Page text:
for usr in User.objects.raw(“select username from Auth_user”):

  # Do something here…


You can check out the documentation for this at “https://docs.djangoproject.com/en/2.2/topics/db/sql/”. However, please note that you should do this in rare occasions and only when it is absolutely necessary.  Normally, Django will provide you with appropriate solutions for your normal data query-ing needs.


So that is how Django models.py and views.py function in tandem. Now let us take a brief look at the entries in the models.py file. After we are done with it, we will also take a look at the contents of the views.py file and then we will sum up the information we covered here.


A Peek into models.py

The models.py file, as shown above, contains classes for every table in your application. Each app in a Django project contains its own models.py file, and each project would normally have a separate directory for each app. This happens by default, if you create your apps using manage.py commands. You can force Django to have a single models.py for all apps, but this is not done normally, and we will continue to follow the conventions used by Django, as it makes the life of the programmer a lot easier. After all, one would be using Django for that among other needs.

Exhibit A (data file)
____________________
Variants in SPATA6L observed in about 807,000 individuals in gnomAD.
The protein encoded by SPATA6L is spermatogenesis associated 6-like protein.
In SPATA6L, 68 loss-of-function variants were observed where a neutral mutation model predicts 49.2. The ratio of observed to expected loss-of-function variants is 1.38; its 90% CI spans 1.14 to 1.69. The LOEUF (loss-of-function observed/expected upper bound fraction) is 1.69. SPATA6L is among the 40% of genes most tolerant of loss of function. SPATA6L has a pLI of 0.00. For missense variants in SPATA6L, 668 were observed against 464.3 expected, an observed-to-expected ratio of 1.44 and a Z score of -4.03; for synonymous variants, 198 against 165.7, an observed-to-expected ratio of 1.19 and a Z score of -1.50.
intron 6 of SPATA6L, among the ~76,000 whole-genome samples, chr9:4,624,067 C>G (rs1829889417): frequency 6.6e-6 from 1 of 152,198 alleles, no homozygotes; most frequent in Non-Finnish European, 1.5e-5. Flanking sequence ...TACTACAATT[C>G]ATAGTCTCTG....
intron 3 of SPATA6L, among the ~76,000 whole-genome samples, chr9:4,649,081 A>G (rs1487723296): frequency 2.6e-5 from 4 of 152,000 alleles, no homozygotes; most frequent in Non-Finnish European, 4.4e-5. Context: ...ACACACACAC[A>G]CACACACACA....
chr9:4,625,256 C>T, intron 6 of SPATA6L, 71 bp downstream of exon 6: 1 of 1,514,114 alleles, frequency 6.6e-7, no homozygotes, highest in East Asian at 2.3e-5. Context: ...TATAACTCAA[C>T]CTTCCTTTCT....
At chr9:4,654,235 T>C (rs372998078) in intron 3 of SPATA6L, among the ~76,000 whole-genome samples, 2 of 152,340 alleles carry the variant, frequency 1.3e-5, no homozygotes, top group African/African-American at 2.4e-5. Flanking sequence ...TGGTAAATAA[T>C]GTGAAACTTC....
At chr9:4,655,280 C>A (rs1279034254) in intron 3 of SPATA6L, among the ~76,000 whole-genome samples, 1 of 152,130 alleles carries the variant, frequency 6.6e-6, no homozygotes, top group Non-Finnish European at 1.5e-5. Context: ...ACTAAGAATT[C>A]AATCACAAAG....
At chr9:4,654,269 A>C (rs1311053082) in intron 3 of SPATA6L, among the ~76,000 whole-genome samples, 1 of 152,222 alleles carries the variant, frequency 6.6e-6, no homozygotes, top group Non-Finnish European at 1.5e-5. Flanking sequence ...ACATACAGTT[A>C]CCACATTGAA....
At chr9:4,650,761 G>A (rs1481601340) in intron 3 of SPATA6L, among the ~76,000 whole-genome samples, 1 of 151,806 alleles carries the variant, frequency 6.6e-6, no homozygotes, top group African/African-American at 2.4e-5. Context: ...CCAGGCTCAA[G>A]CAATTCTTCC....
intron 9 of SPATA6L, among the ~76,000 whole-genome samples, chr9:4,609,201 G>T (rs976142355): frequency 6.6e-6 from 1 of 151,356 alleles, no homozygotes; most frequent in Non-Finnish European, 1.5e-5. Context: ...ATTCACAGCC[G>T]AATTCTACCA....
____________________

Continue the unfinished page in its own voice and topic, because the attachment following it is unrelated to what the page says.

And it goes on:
Now, let us take a look at the contents of the models.py as listed in the previous code listing. Specifically, we will be taking a look at the syntax of it. Normally, you would have a few “import” statements at the begining of the file. We have not shown that in the above listing, so we will list them here. Note that there may be other import statements apart from the set shown below, and that will depend on your requirements.



from django.db import models
import os, sys, re, time, datetime



Having done that, let us now focus on the class we defined in the previous listing. First, we note that there are 3 attributes – username, password, and realname. These three attributes are the fields in the table. Django provides us with a specific data type for each data type used in a database table. For example, for a character or varchar data type in a table, Django provides the CharField data type. The 3 fields mentioned above are all of this datatype. Some of the other important data types Django provides us with are “DecimalField”, “FloatField”, “IntegerField”, “BooleanField”, “DateField”, “TimeField”, “DurationField”, “TextField”, etc. You can find the exhaustive list of supported field types at the following page: https://docs.djangoproject.com/en/2.2/ref/models/fields/#field-types. The parameters in the brackets in the listing are specific to CharField type. In our case, they specify the maximum length of the string that the field can hold, and “blank=True” and “blank=False” specifies whether or not the field can have an empty (“”) value.